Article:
Manhattan residents filled City Hall Tuesday to support a local group’s petition seeking mandated funding for social services agencies. The effort was to no avail, though. City commissioners stopped progress on the petition.
On a 4-1 vote, commissioners followed the recommendation of the city’s legal department and took no action on the petition ordinance. The legal department’s opinion provided commissioners with an alternative other than adopting the petition ordinance without alteration for a period of 10 years or sending it to a vote.
“I think I’m going to have to follow the legal department’s opinion,” Mayor Loren Pepperd said.
Save Our Social Services (SOS) submitted the petition ordinance, which had three main functions. It would have kept the Social Services Advisory Board (SSAB) as the group responsible for making funding recommendations to the City Commission, it would have required the city to spend 2 percent of the city’s general fund on social services funding each year, and it would have required unallocated funds to be carried over for future spending.
The petition campaign was started last fall after discussions on the nature of funding for social services. During the last budget cycle, some commissioners had suggested looking at reducing funding for the agencies and alternative funding mechanisms.
Recently, the county clerk verified the necessary amount of petition signatures. However, Katie Jackson, city attorney, said the city’s legal staff believes the proposed ordinance is an administrative one that cannot be adopted using the initiative and referendum process.
Jackson found that it fails to make a new law, deals with a small segment of an overall policy question (city spending), requires specialized knowledge of municipal affairs and is an issue of statewide concern with decision-making power in the hands of a local council—all characteristics of an administrative ordinance.
SOS consulted its own legal counsel and came to a differing opinion.
“We think that ruling could just as easily be interpreted to support the view that the ordinance is legislative and not administrative,” said Debbie Nuss, SOS co-chair.
Nuss said the SSAB is currently established under a resolution rather than a law. Consequently, SOS feels its ordinance does create a new law. Additionally, Nuss said the Kansas Supreme Court has stated that making such a determination requires carefully weighing the characteristics of the issue, as not to interpret an ordinance so strictly one way or the other.
“We think there’s strong support in the community for this,” Nuss said. “We think the public wants to be heard at the ballot box.”
But the public will not be heard. All commissioners but Jim Sherow sided with the legal department’s opinion and took no action. Commissioner Rich Jankovich said he didn’t find himself in an “easy place” Tuesday. Jankovich admitted there are needs in the community for social services and commended the SSAB for its dedicated work but said that “in this particular case, I tend to be on the side of the legal opinion that’s been rendered,” Jankovich said.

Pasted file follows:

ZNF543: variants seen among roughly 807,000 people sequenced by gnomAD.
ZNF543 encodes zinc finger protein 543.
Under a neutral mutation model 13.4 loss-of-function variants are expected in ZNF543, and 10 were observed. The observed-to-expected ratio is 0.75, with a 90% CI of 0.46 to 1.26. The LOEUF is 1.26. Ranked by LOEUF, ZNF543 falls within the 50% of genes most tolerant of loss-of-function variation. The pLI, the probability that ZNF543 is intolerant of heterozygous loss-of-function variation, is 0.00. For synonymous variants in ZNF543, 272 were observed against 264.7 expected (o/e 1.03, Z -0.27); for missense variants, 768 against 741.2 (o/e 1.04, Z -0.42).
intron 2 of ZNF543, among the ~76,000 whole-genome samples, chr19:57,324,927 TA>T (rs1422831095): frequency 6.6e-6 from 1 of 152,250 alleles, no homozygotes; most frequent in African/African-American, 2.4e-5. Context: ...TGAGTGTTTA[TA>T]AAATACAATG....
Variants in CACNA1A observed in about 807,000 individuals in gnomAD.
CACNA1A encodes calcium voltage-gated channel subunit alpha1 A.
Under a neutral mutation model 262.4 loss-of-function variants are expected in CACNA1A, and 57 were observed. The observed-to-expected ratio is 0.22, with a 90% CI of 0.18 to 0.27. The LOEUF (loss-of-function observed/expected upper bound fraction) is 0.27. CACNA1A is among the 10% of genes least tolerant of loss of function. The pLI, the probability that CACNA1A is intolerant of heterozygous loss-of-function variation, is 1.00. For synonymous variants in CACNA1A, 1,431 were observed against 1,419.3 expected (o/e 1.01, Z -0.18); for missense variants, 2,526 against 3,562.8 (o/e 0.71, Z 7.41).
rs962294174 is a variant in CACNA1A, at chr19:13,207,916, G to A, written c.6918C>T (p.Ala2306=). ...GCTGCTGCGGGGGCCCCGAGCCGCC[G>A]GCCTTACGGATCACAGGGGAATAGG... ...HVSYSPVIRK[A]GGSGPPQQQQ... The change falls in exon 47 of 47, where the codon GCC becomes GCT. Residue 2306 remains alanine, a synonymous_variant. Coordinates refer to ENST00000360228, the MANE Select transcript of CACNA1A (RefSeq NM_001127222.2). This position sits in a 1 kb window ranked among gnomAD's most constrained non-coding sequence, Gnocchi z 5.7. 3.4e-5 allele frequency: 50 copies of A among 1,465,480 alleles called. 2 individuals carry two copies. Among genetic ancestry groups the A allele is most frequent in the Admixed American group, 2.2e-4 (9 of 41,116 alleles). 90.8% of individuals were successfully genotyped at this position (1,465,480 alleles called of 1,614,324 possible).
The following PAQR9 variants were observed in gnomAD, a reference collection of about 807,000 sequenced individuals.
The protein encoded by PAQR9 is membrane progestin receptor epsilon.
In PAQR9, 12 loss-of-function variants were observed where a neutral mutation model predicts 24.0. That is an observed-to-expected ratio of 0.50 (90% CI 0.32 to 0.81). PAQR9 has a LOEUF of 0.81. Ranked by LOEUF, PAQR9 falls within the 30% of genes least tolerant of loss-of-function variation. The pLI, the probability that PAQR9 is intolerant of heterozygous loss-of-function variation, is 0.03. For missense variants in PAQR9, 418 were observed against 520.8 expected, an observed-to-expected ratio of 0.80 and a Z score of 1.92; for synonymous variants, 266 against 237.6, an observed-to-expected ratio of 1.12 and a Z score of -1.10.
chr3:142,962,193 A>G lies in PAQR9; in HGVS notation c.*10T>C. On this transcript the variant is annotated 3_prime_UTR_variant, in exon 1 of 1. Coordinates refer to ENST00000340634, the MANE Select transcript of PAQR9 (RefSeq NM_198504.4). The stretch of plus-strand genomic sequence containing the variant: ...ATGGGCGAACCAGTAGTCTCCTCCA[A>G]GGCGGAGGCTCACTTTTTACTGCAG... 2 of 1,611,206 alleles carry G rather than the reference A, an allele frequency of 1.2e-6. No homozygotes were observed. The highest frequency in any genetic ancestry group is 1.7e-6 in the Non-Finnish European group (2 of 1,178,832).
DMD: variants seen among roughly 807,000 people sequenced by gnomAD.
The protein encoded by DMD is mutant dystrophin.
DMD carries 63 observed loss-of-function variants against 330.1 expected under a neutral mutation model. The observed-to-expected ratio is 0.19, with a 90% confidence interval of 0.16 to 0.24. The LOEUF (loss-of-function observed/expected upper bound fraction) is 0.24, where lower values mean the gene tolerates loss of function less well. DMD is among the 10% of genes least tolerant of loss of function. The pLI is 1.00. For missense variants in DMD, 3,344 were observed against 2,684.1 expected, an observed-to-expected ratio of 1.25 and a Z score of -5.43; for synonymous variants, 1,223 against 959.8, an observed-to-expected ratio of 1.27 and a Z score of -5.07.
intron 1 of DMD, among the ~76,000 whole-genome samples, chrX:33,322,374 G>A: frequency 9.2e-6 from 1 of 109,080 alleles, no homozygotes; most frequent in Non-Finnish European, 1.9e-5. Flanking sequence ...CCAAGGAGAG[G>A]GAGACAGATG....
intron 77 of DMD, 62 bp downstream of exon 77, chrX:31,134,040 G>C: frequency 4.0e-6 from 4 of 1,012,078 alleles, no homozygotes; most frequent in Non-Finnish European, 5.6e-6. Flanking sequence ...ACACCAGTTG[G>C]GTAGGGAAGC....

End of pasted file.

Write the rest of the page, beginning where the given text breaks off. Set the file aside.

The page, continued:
Commissioner John Matta also felt the ordinance was administrative and would interfere with the operations of the City Commission.
Sherow found it sad the city had “arrived at this state.” He said the City Commission seems to be out of step with public on the issue, and it has caused a divide. However, he said he could see arguments for the ordinance as administrative and as legislative.
“If I’m going to err on this I would err on putting this before the public,” he said.
Many members of the public did express their support for the ordinance Tuesday. Advocates said there’s an inherent responsibility to take care of the less fortunate and vulnerable. Several people said 2 percent of the general fund is a small price to pay for the amount of good the agencies do in the community. Others felt that the need for social services will only increase as the city’s population grows, and the ordinance would secure a baseline for funding as the city expands.
Matta disagreed, saying mandating funding for social services isn’t really charity.
“When we have to resort to involuntarily taking money from our citizens, we’re saying we don’t think much of our citizens,” Matta said. “I guess I just have more faith in the people of Manhattan.”
His comments provoked a strong response from Sherow.
“The children who receive services provided through all of the social services agencies in town did not create this budget problem, but we’re asking them to bear the cost of it?” Sherow said. “That’s not the kind of community I want to be a part of.”
During the discussion, Commissioner Wynn Butler made it clear he didn’t support the ordinance but also acknowledged that the social services agencies provide needed services to the community. Butler said he does not want to see them go away completely. He said for the 2013 budget, he would like to see funding between “the two extremes” of no funding and 2 percent from the general fund.
“I believe there is a compromise possibility,” Butler said.